Jean Nguza Karl-i-Bond
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|Jean Nguza Karl-i-Bond|
August 27, 1980 – April 23, 1981
|Born||August 4, 1938|
|Died||July 27, 2003 (aged 64)|
Born in Musumba, Lualaba Province, a member of the Lunda tribe and a nephew of the Katangan leader, Moise Tshombe, Nguza was a pock-marked child who rose rapidly through government posts and gained the favour of President Mobutu Sese Seko.
Nguza received a master's degree in international relations from the Catholic University of Leuven, Belgium and returned to Zaire to serve as Foreign Minister from 1972 - 1974 and 1976 - 1977, as well serving as political director of the MPR, the country's only legal political party. Fluent in six African languages as well as English, French, Dutch, and German, Nguza's stature within Zaire and in the international community was such that he was considered a possible successor to Mobutu as President of Zaire.
However, in 1977, he fell out of favor with Mobutu, who accused Nguza of attempting to seduce the first lady while simultaneously plotting high treason, and was imprisoned and sentenced to death. According to Nguza, Mobutu personally threatened to shoot him. Many believe that Nguza's sole crime was having been mentioned in the foreign press (during the first Shaba invasion) as a possible successor to Mobutu. During his interrogation, Nguza was subjected to torture which included the insertion of a metal tube into his penile shaft, through which jets of air were introduced, causing the blood vessels to rupture, and the application of electrical shocks to his testicles. The torture is said to have left him impotent.
A year later, following international pressure, Nguza received a presidential pardon and was named First State Commisionner of Zaire in 1980.
In 1981, while on an official visit to Brussels, Nguza fled into exile, where he attempted to unite the exiled Zairean opposition and testified against Mobutu in front of U.S. Congress hearings, outlining, in graphic detail, Mobutu's theft of hundreds of millions of dollars from the country's treasury and its subsequent deposit in foreign banks.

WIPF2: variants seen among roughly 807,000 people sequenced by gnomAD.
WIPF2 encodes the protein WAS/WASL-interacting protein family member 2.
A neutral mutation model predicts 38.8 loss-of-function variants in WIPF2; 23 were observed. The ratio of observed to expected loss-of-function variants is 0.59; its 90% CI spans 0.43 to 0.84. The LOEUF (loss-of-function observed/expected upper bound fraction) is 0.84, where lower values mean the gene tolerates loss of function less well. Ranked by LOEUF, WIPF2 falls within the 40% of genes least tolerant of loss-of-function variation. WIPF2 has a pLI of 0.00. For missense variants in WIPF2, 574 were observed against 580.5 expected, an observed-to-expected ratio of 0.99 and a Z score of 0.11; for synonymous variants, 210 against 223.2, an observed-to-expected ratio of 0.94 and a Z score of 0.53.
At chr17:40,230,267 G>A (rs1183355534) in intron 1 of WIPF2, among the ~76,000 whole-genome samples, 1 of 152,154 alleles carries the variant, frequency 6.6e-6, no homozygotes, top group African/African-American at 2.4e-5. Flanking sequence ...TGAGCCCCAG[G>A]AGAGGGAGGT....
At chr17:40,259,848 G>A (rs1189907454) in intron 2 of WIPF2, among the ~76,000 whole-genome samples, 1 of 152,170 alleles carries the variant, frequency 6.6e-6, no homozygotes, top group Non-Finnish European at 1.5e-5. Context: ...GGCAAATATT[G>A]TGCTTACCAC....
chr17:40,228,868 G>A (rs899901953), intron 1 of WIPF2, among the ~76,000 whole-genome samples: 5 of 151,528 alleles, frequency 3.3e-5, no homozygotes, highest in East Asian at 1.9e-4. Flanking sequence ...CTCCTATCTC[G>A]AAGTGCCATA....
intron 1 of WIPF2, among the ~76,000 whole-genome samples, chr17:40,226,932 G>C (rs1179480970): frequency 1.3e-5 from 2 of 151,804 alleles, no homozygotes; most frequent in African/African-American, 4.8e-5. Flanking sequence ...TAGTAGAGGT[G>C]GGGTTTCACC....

Nguza published Mobutu ou l'Incarnation du Mal Zairois, which was highly critical of the regime. Even so, Mobutu forgave him, invited him back home, and appointed him as ambassador to Washington in 1986.
After the proclamation of the Third Republic, and the subsequent legalization of opposition parties in 1990, Nguza started his own party, the Union of Federalists and Independent Republicans. He later replaced Étienne Tshisekedi as Prime Minister, after Tshisekedi tried to block Mobutu from accessing cash at the central bank. Nguza was regarded by other members of the Sacred Union (of which his party was a member) as a "traitor" because of this, and he subsequently left the Sacred Union. His party formed a new coalition, the Alliance of Patriotic Forces, which was committed to political reform but rejected "extremist" stances. The relationship between Tshisekedi and Nguza deteriorated considerably, and armed clashes, many taking on ethnic dimensions and resulting in considerable loss of life, broke out between their respective supporters, further contributing to the instability and chaos prevalent in the country.
After Laurent Kabila seized power, Nguza fled into exile in South Africa. He suffered a cardiac arrest in 1995 and was forced to undergo medical care for many years. Nguza returned to Zaire (by then renamed the Democratic Republic of the Congo) to die, where he did so at a private clinic in Kinshasa.
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- Harden, Blaine. Africa: Dispatches from a Fragile Continent. Houghton Mifflin Company. ISBN 0-395-59746-3
- Meredith, Martin. The Fate of Africa: From the Hopes of Freedom to the Heart of Despair, a History of Fifty Years of Independence. Public Affairs. ISBN 1-58648-246-7
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